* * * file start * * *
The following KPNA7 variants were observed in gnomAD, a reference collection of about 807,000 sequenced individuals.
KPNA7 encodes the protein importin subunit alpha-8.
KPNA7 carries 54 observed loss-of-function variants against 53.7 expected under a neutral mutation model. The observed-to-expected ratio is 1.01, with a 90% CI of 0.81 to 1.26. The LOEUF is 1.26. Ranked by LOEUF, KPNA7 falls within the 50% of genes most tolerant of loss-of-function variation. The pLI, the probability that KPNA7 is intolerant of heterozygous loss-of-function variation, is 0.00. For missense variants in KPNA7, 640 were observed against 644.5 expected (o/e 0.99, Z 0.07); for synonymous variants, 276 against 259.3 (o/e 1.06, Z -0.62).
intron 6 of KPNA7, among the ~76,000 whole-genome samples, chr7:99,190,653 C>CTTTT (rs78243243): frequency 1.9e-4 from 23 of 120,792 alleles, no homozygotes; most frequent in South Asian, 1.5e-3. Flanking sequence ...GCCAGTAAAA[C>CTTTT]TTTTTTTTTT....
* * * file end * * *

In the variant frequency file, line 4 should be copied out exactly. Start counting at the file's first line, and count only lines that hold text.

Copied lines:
intron 6 of KPNA7, among the ~76,000 whole-genome samples, chr7:99,190,653 C>CTTTT (rs78243243): frequency 1.9e-4 from 23 of 120,792 alleles, no homozygotes; most frequent in South Asian, 1.5e-3. Flanking sequence ...GCCAGTAAAA[C>CTTTT]TTTTTTTTTT....